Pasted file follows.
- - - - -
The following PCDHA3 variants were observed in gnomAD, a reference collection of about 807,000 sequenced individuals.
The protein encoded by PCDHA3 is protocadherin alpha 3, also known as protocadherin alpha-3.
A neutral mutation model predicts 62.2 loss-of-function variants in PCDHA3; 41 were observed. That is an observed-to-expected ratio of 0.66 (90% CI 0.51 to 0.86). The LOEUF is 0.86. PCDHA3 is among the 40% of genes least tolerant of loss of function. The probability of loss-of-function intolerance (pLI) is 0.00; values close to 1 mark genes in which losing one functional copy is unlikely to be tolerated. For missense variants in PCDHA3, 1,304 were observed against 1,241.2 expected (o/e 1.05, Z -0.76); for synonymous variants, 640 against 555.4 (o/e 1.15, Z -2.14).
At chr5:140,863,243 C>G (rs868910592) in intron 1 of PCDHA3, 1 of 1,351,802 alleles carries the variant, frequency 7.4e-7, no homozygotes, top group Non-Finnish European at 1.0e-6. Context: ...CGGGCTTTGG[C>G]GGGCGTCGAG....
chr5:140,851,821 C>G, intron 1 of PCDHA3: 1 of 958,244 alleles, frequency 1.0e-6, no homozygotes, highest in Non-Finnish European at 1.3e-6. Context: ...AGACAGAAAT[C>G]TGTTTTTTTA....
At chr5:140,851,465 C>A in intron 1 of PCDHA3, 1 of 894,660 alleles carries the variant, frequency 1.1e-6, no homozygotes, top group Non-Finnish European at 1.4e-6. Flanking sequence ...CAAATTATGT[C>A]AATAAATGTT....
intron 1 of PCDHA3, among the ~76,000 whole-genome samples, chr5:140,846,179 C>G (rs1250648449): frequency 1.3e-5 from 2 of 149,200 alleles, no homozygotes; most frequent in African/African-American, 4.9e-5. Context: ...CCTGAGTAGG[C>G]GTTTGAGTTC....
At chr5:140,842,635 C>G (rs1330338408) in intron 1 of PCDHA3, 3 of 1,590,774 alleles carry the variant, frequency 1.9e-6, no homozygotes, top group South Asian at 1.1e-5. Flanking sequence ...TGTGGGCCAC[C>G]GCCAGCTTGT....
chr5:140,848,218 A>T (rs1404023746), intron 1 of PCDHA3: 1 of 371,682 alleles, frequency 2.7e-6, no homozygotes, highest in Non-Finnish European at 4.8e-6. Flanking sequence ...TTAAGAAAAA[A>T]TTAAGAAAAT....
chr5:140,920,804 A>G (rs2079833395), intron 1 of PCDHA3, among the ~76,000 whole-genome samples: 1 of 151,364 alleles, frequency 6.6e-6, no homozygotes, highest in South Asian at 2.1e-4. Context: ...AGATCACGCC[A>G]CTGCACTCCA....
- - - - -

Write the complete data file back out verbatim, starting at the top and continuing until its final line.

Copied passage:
The following PCDHA3 variants were observed in gnomAD, a reference collection of about 807,000 sequenced individuals.
The protein encoded by PCDHA3 is protocadherin alpha 3, also known as protocadherin alpha-3.
A neutral mutation model predicts 62.2 loss-of-function variants in PCDHA3; 41 were observed. That is an observed-to-expected ratio of 0.66 (90% CI 0.51 to 0.86). The LOEUF is 0.86. PCDHA3 is among the 40% of genes least tolerant of loss of function. The probability of loss-of-function intolerance (pLI) is 0.00; values close to 1 mark genes in which losing one functional copy is unlikely to be tolerated. For missense variants in PCDHA3, 1,304 were observed against 1,241.2 expected (o/e 1.05, Z -0.76); for synonymous variants, 640 against 555.4 (o/e 1.15, Z -2.14).
At chr5:140,863,243 C>G (rs868910592) in intron 1 of PCDHA3, 1 of 1,351,802 alleles carries the variant, frequency 7.4e-7, no homozygotes, top group Non-Finnish European at 1.0e-6. Context: ...CGGGCTTTGG[C>G]GGGCGTCGAG....
chr5:140,851,821 C>G, intron 1 of PCDHA3: 1 of 958,244 alleles, frequency 1.0e-6, no homozygotes, highest in Non-Finnish European at 1.3e-6. Context: ...AGACAGAAAT[C>G]TGTTTTTTTA....
At chr5:140,851,465 C>A in intron 1 of PCDHA3, 1 of 894,660 alleles carries the variant, frequency 1.1e-6, no homozygotes, top group Non-Finnish European at 1.4e-6. Flanking sequence ...CAAATTATGT[C>A]AATAAATGTT....
intron 1 of PCDHA3, among the ~76,000 whole-genome samples, chr5:140,846,179 C>G (rs1250648449): frequency 1.3e-5 from 2 of 149,200 alleles, no homozygotes; most frequent in African/African-American, 4.9e-5. Context: ...CCTGAGTAGG[C>G]GTTTGAGTTC....
At chr5:140,842,635 C>G (rs1330338408) in intron 1 of PCDHA3, 3 of 1,590,774 alleles carry the variant, frequency 1.9e-6, no homozygotes, top group South Asian at 1.1e-5. Flanking sequence ...TGTGGGCCAC[C>G]GCCAGCTTGT....
chr5:140,848,218 A>T (rs1404023746), intron 1 of PCDHA3: 1 of 371,682 alleles, frequency 2.7e-6, no homozygotes, highest in Non-Finnish European at 4.8e-6. Flanking sequence ...TTAAGAAAAA[A>T]TTAAGAAAAT....
chr5:140,920,804 A>G (rs2079833395), intron 1 of PCDHA3, among the ~76,000 whole-genome samples: 1 of 151,364 alleles, frequency 6.6e-6, no homozygotes, highest in South Asian at 2.1e-4. Context: ...AGATCACGCC[A>G]CTGCACTCCA....